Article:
Conservation Genetics Resources

, Volume 8, Issue 3, pp 201–206 | Cite as

Development of SNP and microsatellite markers for goldsinny wrasse (Ctenolabrus rupestris) from ddRAD sequencing data

  • E. Jansson
  • J. B. Taggart
  • S. Wehner
  • G. Dahle
  • M. Quintela
  • S. Mortensen
  • B. O. Kvamme
  • K. A. Glover
Technical Note

Abstract

Wrasse (Labridae) species have been used as parasite cleaners in Atlantic salmon farming since the 1980s. However, their use has recently escalated, with millions now being introduced into salmon cages each year. Most fish are of wild origin, their exploitation potentially impacting native populations. Genetic information is urgently required to inform management decisions. We identified 174 microsatellite and 149 SNP markers from ddRAD sequence data. From these, 17 and 48 microsatellite and SNP markers, respectively, were validated by genotyping 150 goldsinny wrasse collected from five locations along the Norwegian and Swedish coasts. Two to 30 alleles were identified at the microsatellite loci, while gene diversity (He) ranged 0.101–0.907. All SNP loci were biallelic, with averaged He per locus ranging between 0.063 and 0.495.

Keywords

SNP Microsatellite Goldsinny wrasse Ctenolabrus rupestris Cleaner fish 

Notes

Acknowledgments

This study was financed by the Norwegian Department for Trade and Fisheries (NFD). The Swedish Cultural Foundation in Finland (Svenska kulturfonden) is acknowledged for personal grant to EJ. The authors also acknowledge the support of the MASTS pooling initiative (The Marine Alliance for Science and Technology for Scotland). The authors thank Paulo Prodohl for supplying biotinylated oligos.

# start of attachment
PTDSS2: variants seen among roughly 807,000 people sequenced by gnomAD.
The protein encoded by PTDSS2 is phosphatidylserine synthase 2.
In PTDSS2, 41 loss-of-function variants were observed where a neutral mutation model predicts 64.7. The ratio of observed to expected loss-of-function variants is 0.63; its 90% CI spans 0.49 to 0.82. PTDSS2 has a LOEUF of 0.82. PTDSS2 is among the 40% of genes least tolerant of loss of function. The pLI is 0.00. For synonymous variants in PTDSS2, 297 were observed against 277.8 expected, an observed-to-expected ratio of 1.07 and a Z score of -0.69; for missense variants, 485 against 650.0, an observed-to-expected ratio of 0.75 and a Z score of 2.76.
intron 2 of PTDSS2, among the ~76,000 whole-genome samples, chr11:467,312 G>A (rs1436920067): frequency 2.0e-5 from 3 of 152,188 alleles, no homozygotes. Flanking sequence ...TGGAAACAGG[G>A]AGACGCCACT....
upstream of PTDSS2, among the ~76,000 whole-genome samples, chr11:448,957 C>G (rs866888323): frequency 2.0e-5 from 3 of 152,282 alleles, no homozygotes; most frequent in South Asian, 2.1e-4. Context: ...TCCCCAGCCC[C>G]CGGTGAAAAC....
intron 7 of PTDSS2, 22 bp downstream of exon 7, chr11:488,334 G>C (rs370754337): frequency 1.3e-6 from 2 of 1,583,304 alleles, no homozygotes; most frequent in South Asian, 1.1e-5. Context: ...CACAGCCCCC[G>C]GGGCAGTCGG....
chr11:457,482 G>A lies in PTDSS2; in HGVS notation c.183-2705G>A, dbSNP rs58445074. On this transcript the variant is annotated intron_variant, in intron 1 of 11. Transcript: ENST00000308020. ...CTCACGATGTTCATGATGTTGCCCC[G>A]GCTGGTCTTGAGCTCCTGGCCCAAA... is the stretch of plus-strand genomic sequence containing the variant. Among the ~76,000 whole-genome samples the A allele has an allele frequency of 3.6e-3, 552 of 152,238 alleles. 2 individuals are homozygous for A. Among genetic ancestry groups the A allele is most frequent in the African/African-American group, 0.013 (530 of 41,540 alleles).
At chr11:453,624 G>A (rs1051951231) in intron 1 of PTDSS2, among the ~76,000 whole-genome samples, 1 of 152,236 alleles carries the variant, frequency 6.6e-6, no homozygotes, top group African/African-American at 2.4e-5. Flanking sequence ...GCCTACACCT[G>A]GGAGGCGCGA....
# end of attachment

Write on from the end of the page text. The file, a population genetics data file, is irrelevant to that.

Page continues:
Compliance with ethical standards

Conflict of interest

The authors declare that they have no conflict of interest.

Supplementary material

12686_2016_532_MOESM1_ESM.xlsx (77 kb)
Supplementary material 1–4 (XLSX 77 kb)

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Copyright information

© Springer Science+Business Media Dordrecht 2016

Authors and Affiliations

  • E. Jansson
    • 1
  • J. B. Taggart
    • 3
  • S. Wehner
    • 3
  • G. Dahle
    • 1
  • M. Quintela
    • 1
  • S. Mortensen
    • 1
  • B. O. Kvamme
    • 1
  • K. A. Glover
    • 1
    • 2
  1. 1.Institute of Marine ResearchBergenNorway
  2. 2.Department of Biology, Sea Lice Research CentreUniversity of BergenBergenNorway
  3. 3.Institute of Aquaculture, School of Natural SciencesUniversity of StirlingStirlingUK

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